Capzles is a relatively new free site that lets you create entertaining social photo story lines very easily. You could call them slideshows or photo stories, but really they are a whole level above the Flickr slideshows I was talking about last time.
The site has been running for about a year, and went public a few months back. Since then they’ve been adding capability to the product. It’s looking good. They even have a scanning service to convert all those old prints into a digital stream.
I like the layout of the site. I’m not so sure about some of the things that happen on the page. For instance, in Firefox 3, Ctrl-Tab doesn’t work any more, and neither does the scroll wheel on my mouse, at least in the main part of the page. I’m running on Vista if that make any difference to you.
Membership of the site is free, but requires the usual collection of personal information to get in. After you’ve got through that, click the blue Create button and then New Capzle to get started.
You can add an impressive stack of stuff to your Capzle. But it’s easier to do than to describe, so let’s get started.
First, the content. Click the button, and choose the directly option. You can try out the stacked and blogging settings later. The idea here is that you are creating a timeline, and putting items in place on the line.
Capzle wants you to have the files with you, so if they are on Flickr, for instance, you’ll need to download them first. Browse to the files, select them all, and upload them to the site.
The most common use of Capzles is to capture a sequence of events, so you’re going to be forced to put up with my trip to Melbourne for Christmas. No one ever said it was easy.
Now you’re in edit mode with an untitled Capzle in place. Let’s set a few things. Top left in the menus is the Add Title & Description option. Go ahead and click that.
Set the title and description as you please. You can choose from what must be the wackiest font list I’ve seen in a while, and colour it as you please. You can see that the title in the main area changes as you tinker. Eventually”¦ hey, pay attention”¦ eventually you’ll get sick of fiddling with that.
We’ll go through and set some more things, but first we should have a look at how the result is going. Click the I’m Finished button, top right, and you can preview the result. You can click Edit Capzle to return to this design view any time. Go on, you deserve it. This is the view other folk will see of your work, but with more controls in place.
In preview mode you have a control panel in the centre of the page, and you can also use your mouse to move around. Try holding the mouse over an image, and clicking on it.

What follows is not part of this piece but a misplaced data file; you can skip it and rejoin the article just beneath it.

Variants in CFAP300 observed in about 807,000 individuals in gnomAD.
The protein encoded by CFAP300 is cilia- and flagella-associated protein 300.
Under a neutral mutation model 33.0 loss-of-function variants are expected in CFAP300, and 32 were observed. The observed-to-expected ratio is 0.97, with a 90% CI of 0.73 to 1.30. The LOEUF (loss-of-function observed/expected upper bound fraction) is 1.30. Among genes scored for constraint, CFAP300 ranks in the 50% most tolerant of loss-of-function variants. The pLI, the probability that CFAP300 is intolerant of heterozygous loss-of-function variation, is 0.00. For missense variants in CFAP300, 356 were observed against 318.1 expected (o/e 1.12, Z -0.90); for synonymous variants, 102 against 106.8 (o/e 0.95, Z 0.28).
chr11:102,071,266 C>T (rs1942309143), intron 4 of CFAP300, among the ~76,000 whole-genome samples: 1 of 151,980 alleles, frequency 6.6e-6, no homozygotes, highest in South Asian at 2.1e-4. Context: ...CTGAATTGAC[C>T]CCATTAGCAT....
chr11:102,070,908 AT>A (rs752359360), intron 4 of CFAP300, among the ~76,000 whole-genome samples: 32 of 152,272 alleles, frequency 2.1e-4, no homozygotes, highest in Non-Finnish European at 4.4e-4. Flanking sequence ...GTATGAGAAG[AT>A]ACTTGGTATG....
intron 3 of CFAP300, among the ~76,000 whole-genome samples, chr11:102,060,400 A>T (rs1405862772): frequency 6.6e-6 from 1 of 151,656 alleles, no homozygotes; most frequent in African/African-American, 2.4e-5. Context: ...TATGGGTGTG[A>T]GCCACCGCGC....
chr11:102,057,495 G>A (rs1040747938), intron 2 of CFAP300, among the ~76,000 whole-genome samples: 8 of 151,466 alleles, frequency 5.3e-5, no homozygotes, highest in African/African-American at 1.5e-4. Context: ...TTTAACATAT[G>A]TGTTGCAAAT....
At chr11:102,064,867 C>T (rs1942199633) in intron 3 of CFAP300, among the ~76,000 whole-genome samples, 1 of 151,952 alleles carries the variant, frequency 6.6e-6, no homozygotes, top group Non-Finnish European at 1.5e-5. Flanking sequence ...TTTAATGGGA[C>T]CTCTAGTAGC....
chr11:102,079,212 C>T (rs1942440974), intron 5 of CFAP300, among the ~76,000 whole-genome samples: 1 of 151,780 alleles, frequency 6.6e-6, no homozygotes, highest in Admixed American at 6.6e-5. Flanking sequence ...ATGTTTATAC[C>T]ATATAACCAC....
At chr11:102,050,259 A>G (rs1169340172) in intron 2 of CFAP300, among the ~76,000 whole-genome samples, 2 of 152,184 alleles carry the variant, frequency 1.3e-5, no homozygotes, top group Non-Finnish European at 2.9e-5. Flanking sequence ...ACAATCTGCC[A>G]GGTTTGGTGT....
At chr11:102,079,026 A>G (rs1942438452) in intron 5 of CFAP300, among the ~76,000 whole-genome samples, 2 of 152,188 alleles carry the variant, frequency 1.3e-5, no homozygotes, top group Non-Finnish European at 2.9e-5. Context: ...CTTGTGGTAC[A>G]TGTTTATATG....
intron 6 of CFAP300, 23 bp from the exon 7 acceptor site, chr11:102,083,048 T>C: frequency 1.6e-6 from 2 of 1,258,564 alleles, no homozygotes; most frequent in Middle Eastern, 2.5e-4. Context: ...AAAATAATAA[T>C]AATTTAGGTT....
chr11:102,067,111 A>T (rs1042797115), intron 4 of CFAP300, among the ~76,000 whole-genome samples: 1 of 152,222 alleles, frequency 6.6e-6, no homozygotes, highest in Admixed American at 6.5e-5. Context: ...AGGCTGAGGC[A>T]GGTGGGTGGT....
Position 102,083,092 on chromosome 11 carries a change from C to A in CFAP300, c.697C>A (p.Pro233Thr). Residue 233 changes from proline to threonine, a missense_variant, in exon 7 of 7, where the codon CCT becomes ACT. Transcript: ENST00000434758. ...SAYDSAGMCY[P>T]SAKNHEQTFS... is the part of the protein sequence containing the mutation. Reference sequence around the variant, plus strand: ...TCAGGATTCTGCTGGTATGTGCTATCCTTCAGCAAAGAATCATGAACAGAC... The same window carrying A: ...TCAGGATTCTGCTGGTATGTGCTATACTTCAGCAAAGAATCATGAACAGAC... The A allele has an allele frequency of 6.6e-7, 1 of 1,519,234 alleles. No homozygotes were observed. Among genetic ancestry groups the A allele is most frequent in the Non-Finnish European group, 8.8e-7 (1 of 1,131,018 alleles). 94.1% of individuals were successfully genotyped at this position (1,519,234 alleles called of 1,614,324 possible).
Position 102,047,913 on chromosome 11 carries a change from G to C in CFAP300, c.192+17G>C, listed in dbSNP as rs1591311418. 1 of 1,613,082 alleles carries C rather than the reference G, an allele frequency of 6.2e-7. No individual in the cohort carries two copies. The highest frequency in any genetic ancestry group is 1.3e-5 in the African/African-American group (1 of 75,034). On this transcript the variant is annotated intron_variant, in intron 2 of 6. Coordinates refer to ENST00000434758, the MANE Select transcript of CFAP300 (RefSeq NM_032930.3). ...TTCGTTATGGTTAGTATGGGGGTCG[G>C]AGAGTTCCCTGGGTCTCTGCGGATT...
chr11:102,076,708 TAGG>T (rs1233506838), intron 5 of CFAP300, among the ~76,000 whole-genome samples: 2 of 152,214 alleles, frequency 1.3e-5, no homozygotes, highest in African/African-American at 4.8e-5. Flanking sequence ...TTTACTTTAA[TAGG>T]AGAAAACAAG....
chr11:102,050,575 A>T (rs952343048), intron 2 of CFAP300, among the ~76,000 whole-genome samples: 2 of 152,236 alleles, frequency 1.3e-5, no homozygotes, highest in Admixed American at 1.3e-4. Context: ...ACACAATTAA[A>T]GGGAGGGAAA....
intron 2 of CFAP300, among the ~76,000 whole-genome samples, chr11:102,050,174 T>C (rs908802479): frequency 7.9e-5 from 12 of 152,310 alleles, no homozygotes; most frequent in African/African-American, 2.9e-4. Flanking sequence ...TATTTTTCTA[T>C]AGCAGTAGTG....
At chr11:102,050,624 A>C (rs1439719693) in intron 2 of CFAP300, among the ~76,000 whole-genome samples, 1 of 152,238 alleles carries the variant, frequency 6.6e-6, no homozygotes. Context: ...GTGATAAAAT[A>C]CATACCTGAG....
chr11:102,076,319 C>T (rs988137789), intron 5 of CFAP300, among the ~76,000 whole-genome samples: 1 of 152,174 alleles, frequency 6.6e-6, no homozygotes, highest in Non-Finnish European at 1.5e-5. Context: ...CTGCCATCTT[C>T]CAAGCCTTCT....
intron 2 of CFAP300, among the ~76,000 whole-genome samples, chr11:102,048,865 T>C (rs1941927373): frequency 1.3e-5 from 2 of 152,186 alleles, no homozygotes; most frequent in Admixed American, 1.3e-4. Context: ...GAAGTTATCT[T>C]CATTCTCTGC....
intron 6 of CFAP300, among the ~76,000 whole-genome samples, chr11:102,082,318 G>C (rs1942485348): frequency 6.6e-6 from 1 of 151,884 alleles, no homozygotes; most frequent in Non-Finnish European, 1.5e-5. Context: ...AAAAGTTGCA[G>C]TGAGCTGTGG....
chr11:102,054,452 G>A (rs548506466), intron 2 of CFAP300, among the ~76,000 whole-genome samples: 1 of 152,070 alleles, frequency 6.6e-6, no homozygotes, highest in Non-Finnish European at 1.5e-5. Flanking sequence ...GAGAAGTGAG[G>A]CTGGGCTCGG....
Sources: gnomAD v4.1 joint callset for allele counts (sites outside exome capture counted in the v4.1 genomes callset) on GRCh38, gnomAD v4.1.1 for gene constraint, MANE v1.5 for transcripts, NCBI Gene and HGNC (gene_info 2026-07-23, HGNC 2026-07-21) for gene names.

The control panel consists of six buttons. The magnifying glass controls the size of the images, as you might expect. The four centre buttons are used by holding the mouse button down over them, causing the stream of images to scroll to the left or right. The final button is for the soundtrack volume. More on that later.
Back to design mode now”¦ We need to change some more settings.
Just quickly”¦ the Tags and Categories section in the menu will let you set some metadata for your show, and make it easier for other folk to find your work.
We’re now heading for the Design Your Capzle option.
That’s where we make some sweeping changes to the look of the production. You can choose from a substantial list of themes in the list. As a photographer I don’t want anything too overpowering back there, but if you’re the day-glow-pink-bling type you can find something in here too, I think.
You can also click the design it myself tab at the top and make more controlled changes if you like, including the choice of a single colour background or some sort of gradient. You can also upload a background image if you are possessed so inclined. Fiddle with this until you are happy with the result.
The playlist option lets you choose a background track for your visitors to enjoy while they look at your shots.
Click the upload button, choose one or more tracks, and upload them.
Two to go”¦
Set the privacy level of the Capzle in the next section. Be a grown-up, and consider whether anyone will be offended by what you’re doing. Good.
Now the best part. Share the Capzle. There are essentially two ways to do this.
First off you can click the Send to Friends button, and get Capzles to do the heavy lifting for you. I’m not fond of that option, purely because my paranoia kicks in. I don’t want to send the Capzles folk a list of my friends’ email addresses. it’s not them. It’s me.
The other option is to grab the URL for your Capzle, and send it to them yourself. I’d do that.
So in the end, we’ve fairly easily constructed a complex timeline. You might have noticed though that what we finished with isn’t a slideshow in the traditional sense. Navigation is the responsibility of the user. That’s great for your friends at school or work, but it’s not going to work for Granny. She’s just not a Web 2.0 girl, and you know it. So think about what works best for you audience.
Visitors have all the main controls at their hands, but they can’t edit any of the info. That’s just as well, because they missed out on the trip, right? So they’ll be jealous.
The Capzles folk tell me that both an automated play option and a Flickr import are in the wind. I look forward to both options.
I’m curious. Do you prefer this approach to a standard slideshow? Who would your audience consist of? What other options have you tried?